It will frequently take place when you offer friendly greetings to a visitor to your church on Sunday morning or during a special event at your church. The harvest is plentiful in our society if we can grow comfortable in cultivating the seed which God has planted. (Matthew 9:37) The genuineness of your conversation comes out of your own experience and your concern for the other person. The more concrete you can be in sharing what you experience in your church life, the more natural your conversation will be.
Tomorrow I will try to give you a parable of how that can take place.
In a society which has been captured by a horizontal view of reality, there is a hunger for the experience of wonder and awe. When a person speaks of an experience of grace, not as a possession but in wonder and awe that it has touched them, there is a special power to their sharing.
Liz, who could not have been more than 30 years of age, stood up to speak. It was clear that she was nervous. “Tonight I can tell you that I have not had any drugs for one year.” Then, with a sense of wonder in her voice, she continued, “You know, that is the first time that I could say that in the last fifteen years.” It was not a sense of pride in her accomplishment with which Liz spoke but rather with a tinge of amazement in her voice that this gift had been given to her. We knew the grace of God in her presence.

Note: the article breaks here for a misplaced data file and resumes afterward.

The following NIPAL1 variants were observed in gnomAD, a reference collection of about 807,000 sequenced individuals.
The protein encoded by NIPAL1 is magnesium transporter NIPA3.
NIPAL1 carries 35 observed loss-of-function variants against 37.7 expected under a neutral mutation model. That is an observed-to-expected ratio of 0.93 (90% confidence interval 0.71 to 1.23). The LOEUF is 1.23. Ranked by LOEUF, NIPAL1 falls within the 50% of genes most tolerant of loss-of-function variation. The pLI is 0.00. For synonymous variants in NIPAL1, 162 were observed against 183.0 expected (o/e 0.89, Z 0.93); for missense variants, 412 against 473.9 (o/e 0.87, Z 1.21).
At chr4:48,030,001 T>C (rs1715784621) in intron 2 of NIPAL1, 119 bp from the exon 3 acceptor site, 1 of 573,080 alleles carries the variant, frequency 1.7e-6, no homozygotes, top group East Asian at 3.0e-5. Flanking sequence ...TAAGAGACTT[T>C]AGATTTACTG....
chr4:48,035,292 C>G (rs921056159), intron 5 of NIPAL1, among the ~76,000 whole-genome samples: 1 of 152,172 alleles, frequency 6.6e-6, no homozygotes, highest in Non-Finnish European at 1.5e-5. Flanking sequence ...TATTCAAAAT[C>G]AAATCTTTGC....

In a society which holds a great antipathy for authoritarianism, the church needs to be sensitive to the way we proclaim the Word. The authority which is most readily received in our society is the authority of experience if it is claimed and not imposed.
If you were having problems relating to one of your teenage daughters and I told you that you should go to church and that would help heal the divide, you might well think that I did not have a clue to what was going on in your family and that my suggestion was worthless. On the other hand, if I shared with you that when I was having trouble reaching my daughter, I had the marvelous experience of being able to talk to another teenager who was part of my church and she gave me some very helpful insight, then you might see the healing possibilities of a church. “To be saved…is to enter into a new relationship with God and fellow human beings in the community of God’s people here and now.” (Christian Doctrine, revised edition, Shirley Gutherie, p 355)
Ted had been very frightened when he was told that he had cancer. While he had never tried to persuade his wife not to go to church and to please her had even occasionally accompanied her on Easter or some other special Sunday, he had never seen the church as important in his life. Yet, almost immediately upon news of his cancer, cards began to arrive in the mail from members of the church. Often, a note would be included and several times it was mentioned that they had prayed for him in church.
Finally he asked his wife about it and discovered that he was regularly named in the prayers for the sick. Since somehow he had concluded that church was more for women than men, he was surprised that some of the men of the congregation occasionally called and asked if they could visit. One of the special visits was from a business colleague of his who came and during the visit had hesitantly asked if he could have prayer with him. It dawned on Ted that the man was very uncomfortable in asking but had done it anyway and the prayer, while simple in form, had reached in and touched Ted’s very soul. It was a few days later that it suddenly dawned on Ted that from that moment on he was no longer afraid and that was the beginning of his healing.